They got two sons (Cyril in 1885 and Vivian in 1886) in first two years of marriage, but after the birth of the second one, the couple became estranged. One of the possible reasons was of gynecological nature although we'll never know what kind of problems she had, they were very likely connected with her death before her 40th birthday.

Oscar started spending most of his nights in hotels, officially working on his literary masterpieces and Constance increasingly participating in some of the fields where she was already active:

  • liberal politics,
  • feminism (she demanded the right for women being able to serve in Parliament), contemporary fashion (she was an advocate of more practical clothing, being a sensation showing in public in split skirt, abandoning tight corsets),
  • translating (early reviews of his work from Dutch, for instance),
  • writing, still occasionally collaborating with Oscar (among her stuff an edited version of The Happy Prince was found after her death).

They also enjoyed decorating their way too expensive home called House Beautiful together.

Constance was definitely involved in his first book of fairy tales and she also wrote a book of stories for kids on her own. The title There was once grandma's stories was published in 1888 by legendary Ernest Nister and is presented in the central part of this article.

Constance also became pretty intensively involved in Theosophy, being part of the rituals of The Golden Dawn.

Cinderella, retold by Mrs Wilde
Cinderella, retold by Mrs Wilde

Her Book of Fairy Tales

After becoming parents they both believed their boys should have an access to the best possible literature for kids and obviously believed they should write some by themselves. There was Once subtitled Grandma's tales was her retelling of famous fairy tales as she remembered being told to her by her granny.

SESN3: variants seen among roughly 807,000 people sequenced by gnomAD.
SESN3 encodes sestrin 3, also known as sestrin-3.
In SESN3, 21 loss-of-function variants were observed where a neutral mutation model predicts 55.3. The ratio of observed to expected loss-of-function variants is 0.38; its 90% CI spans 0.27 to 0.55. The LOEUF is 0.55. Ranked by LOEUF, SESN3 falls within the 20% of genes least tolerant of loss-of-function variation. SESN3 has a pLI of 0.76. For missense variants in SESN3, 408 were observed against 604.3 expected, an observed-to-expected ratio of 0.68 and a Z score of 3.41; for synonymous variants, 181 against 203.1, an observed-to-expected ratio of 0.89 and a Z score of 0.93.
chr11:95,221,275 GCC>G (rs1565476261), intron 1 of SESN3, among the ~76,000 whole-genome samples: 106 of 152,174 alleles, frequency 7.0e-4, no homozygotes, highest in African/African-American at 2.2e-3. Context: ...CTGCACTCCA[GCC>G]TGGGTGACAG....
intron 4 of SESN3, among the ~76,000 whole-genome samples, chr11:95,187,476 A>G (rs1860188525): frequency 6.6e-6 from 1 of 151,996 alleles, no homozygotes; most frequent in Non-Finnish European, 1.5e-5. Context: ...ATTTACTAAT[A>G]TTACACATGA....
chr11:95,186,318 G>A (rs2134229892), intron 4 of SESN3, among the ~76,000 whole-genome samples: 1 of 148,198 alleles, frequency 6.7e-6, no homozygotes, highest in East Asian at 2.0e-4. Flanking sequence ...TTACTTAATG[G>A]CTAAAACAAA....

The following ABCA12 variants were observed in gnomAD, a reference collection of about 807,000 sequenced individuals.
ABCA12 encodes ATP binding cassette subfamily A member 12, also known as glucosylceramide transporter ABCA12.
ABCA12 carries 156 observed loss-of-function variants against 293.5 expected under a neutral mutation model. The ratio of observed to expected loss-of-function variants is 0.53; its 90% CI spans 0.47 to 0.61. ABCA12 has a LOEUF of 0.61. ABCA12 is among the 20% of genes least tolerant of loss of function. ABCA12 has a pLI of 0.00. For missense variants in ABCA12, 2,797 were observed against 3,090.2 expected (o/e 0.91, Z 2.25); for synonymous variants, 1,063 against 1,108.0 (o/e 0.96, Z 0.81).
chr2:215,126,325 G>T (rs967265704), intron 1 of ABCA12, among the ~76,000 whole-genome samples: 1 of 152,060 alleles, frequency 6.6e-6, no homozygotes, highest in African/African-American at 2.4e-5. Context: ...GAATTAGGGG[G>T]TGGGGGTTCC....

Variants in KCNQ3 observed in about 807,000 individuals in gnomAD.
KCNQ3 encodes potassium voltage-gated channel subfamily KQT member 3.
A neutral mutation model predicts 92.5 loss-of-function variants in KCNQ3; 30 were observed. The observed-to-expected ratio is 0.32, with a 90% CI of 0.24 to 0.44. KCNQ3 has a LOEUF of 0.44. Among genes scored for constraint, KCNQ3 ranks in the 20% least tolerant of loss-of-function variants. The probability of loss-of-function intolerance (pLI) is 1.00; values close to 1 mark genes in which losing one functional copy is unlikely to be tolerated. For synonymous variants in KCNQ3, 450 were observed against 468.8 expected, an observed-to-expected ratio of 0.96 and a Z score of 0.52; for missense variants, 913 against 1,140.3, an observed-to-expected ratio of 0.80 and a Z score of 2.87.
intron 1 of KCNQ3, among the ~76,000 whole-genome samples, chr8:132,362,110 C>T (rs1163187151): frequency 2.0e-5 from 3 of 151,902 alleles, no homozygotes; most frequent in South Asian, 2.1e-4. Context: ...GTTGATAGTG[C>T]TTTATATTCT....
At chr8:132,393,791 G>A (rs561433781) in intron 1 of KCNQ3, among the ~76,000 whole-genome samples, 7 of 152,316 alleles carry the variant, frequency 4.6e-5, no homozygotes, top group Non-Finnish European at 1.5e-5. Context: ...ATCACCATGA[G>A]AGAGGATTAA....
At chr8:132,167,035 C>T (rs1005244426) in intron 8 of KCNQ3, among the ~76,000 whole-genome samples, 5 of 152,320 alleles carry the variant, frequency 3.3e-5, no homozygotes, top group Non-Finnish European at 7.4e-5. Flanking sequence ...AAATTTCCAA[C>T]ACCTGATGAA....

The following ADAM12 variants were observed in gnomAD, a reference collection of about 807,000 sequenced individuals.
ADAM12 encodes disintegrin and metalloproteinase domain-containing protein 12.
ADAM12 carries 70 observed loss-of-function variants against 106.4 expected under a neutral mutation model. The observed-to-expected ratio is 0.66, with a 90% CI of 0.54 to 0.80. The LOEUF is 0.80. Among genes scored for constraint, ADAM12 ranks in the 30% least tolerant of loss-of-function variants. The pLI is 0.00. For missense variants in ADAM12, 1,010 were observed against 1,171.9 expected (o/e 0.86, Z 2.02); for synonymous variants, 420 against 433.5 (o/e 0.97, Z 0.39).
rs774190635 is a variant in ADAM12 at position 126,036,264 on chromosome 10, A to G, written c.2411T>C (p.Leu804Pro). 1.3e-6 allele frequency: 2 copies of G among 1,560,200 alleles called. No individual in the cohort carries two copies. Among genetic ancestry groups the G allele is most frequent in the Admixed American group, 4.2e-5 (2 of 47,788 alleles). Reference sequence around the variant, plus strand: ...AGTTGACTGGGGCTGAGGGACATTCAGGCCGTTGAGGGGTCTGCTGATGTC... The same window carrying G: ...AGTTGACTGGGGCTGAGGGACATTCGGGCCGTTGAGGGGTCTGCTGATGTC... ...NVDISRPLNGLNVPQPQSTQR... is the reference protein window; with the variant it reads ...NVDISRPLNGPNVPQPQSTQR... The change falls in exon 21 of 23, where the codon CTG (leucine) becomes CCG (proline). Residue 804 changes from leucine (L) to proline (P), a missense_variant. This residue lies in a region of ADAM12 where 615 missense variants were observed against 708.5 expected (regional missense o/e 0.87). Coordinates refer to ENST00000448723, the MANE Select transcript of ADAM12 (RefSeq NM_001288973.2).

The collection was published at legendary Ernest Nister publishing house and includes such fairy tales as Red Riding Hood, Cinderella, and Puss in Boots. It was illustrated by John Lawson (1865-1909).

Source

Did she make a right decision?

Should Constance file for a divorce right after the trial against Oscar started?

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Constance Wilde's Death

Soon after Oscar's inclination to men became more and more obvious and he even started to bring his lovers to their house which, thanks to their both exquisite taste, became one of the most tastefully decorated homes in England.

When he started an affair with Lord Alfred Douglas in 1891 their marriage was practically over. Lord Alfred 'Bosie' Douglas became fatal for Oscar eventually convincing him to start a trial against Marquess Queensberry and even (unintentionally) helped his opponent to defeat Oscar at court what led to the loss of almost all his property and sending him in prison, where he contracted a serious illness.

When Oscar returned from prison, Constance had already moved to France, changing her boys' surnames to Holland to protect at least some of their privacy. She still loved her husband, trying to help him with some money, but demanding to stay away from his sons.

When he restored a relationship with Bosie, she cut her financial help too. Roughly at the same time, she needed a surgery for no clear reason. Some people believe she had a tumor in her uterus, there's a theory she had an unsuccessful surgical correction of her intimate parts causing urinary problems and some even claim she had an undiagnozed and then almost unknown multiple sclerosis.

There's also a speculation she died of complications from a venereal disease contracted from her husband or of a spinal damage caused by her fall from the stairs (interesting fact: Oscar died after a fall a few ears later too).

Soon after surgery, some kind of infection developed and she started vomiting unable to hold liquids in her body. She died five days later, on April 7, 1898, in Genoa where she is still buried.

Her last known photo (1896)